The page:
for reference
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Level of acid or tartness is a defining characteristic of wine. Acidity balances sweetness, makes wine refreshing, protects against oxidation and is crucial to the process of ageing wine. Most age-worthy wines have high acidity.


The level of pigment and tannin extracted from the grapes by pressing them. Winemakers can choose to extract a lot or a little and now have many exciting technologies at their disposal to channel their ambitions. Certain regions have conventions regarding extraction, for example in Piedmont (home of Barolo and Barbaresco) the tradition is to extract heavily by pressing and through prolonged maceration. The aim is to get everything – all the ‘information’ – out of the grapes to maximise complexity.


A measure of land (Ha). One hectare is around the size of a rugby pitch or 1.5 football pitches. One hectare is 2.47 acres. Vineyard land is typically measured in either hectares or acres.


Something of an amorphous tasting term which we urge you to consider only if it has meaning for you. Wine critic, Robert Parker is an exuberant advocate, boasting of 60 second finishes... Here Parker refers to the amount of time new, distinct flavours continue to develop and evolve in your mouth after each sip of the wine.


Leaving the grapes to stew in their own juices to extract flavour and character. Can be very short i.e. a couple of hours or as long as 30-60 days. Decisions to do with maceration relate to the traditions of the region, grape variety and winemaker preference or style.



Minerality refers to the salty and stoney characteristics in wines. This is a tricky term, often misused. Many commentators talk about a mineral character being sucked up from the soil through the vines roots. This is bunk. Bad science. It may be however there is ambient residue which is then pressed with the grapes i.e. grapes grown by the coast can have a sensation of saltiness attributable to the sea nearby.


The recent natural wine movement defines 'natural' as wines made with minimal intervention i.e. no added sulphur. This can describe anything from some of the purest, most expressive wines in existence to faulty, messy and downright shitty wines (sadly more often the latter). We happily select wines from the quality end of the natural spectrum, not because they are natural but because they are good.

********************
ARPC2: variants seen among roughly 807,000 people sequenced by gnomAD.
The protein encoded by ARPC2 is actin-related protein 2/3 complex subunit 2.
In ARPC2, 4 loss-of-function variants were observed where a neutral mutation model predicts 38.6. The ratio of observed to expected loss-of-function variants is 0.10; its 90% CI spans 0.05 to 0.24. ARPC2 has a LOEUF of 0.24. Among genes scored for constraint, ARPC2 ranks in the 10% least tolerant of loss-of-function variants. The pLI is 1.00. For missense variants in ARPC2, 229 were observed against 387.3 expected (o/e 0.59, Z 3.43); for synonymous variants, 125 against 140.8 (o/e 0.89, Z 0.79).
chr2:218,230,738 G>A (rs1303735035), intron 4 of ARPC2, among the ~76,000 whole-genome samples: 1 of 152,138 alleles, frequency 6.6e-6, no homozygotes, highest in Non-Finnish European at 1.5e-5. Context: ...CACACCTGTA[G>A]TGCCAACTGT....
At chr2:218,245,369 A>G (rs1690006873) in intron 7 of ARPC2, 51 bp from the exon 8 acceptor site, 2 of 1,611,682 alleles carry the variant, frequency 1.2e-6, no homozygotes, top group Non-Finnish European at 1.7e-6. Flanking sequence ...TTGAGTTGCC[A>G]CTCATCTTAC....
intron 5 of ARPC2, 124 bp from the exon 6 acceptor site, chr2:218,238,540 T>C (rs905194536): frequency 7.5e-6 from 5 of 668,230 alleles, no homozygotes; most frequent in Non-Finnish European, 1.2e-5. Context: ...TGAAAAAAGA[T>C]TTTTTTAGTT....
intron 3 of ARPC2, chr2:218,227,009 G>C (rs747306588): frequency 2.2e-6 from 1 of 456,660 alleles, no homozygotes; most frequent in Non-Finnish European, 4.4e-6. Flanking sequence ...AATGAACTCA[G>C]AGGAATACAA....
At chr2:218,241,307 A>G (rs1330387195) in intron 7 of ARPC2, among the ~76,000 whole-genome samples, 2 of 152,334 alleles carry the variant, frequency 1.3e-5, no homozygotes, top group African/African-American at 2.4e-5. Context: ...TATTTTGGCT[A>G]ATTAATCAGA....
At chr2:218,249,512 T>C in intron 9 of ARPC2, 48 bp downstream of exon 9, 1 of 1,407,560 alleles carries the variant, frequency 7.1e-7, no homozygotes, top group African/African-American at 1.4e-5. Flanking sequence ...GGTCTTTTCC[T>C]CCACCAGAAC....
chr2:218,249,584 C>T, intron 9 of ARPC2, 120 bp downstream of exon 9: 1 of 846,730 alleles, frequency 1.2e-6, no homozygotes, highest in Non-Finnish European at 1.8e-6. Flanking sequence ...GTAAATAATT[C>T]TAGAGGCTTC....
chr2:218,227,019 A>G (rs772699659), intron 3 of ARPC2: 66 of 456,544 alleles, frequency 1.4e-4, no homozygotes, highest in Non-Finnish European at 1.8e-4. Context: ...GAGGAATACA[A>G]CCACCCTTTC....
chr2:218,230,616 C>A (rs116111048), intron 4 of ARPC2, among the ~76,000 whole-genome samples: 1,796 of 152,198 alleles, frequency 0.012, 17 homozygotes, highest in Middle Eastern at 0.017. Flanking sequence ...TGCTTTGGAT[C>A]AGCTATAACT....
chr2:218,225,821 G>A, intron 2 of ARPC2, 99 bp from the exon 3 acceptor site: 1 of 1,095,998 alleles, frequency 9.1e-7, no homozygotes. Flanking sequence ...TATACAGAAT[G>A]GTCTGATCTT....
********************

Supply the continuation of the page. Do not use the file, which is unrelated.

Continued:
Many wines are aged in oak barrels. Of the many barrel options available to winemakers, most significant relate to the wood’s origin and the tonnelier (barrel maker). The key decision is what percentage of new oak barrels to use, if any. A new oak barrel that has never been used before imparts the most oak character and the greatest affect on the wine’s character.



Winemaking is essentially a battle between oxidation and reduction. Oxidative means an excess of oxygen and reductive an absence of oxygen. Many wines are deliberately oxidatively aged i.e. oxygen is encouraged and welcomed in the winemaking process. A classic example are the great oxidative whites of the Jura. A more recent example would be orange wines. Oxidation can be a fault, some believe it’s always a fault!


The opposite of oxidative. Reductive winemaking deliberately excludes oxygen to preserve the original flavours of the grapes as much as possible. An example of this would be a squeaky clean, New Zealand sauvignon blanc – or on a grander scale – the majestic white burgundies of a producer such as Coche-Dury (characterised by their smoky reductive character). Reduction can be a fault, with some wines so reduced that they never reveal their character.


residual sugar

The level of sugar in a wine. Some winemakers choose not to ferment all the sugar out of their wines to balance the acidity. German Riesling is a good example.


The dry and bitter sensation in wine. Tannin comes from grape skins, seeds and stems and is a key structural element of wine, red wines particularly. Oak barrels impart tannins to wine.



Trichloroanisole or TCA is a wine fault typically referred to as cork taint, as it affects the cork and then the wine when the cork seals the bottle. Everybody has a different way of describing cork taint but once you have smelt it you will instantly recognise it again. TCA destroys wine sadly, as it is a fatal flaw.



The impact of the soil, the lay of the land and climate of a particular place on the wine. Often used in a daft or pretentious way but the concept of terroir is at the core of wine appreciation. As with food, authenticity and pleasure run parallel in the enjoyment of wine. It’s fine to play with, even subvert ingredients but a wine’s origin holds the key of how to get the best out of it.

vineyard work

Vineyard work or viticulture is everything that happens up until the grapes are picked.



The year in which the grapes for the wine were grown. The climatic conditions of each vintage are at the heart of the character of the wine.


Winemaking or viniculture is everything that happens after the grapes have been picked.


The volume of juice harvested from a specific vineyard area (in Europe this is typically measured per hectare). Low yield can indicate high quality because it implies a rigorous selection process. This is no guarantee, however, as the vineyard may simply be more sparsely planted and therefore yield fewer grapes and less juice.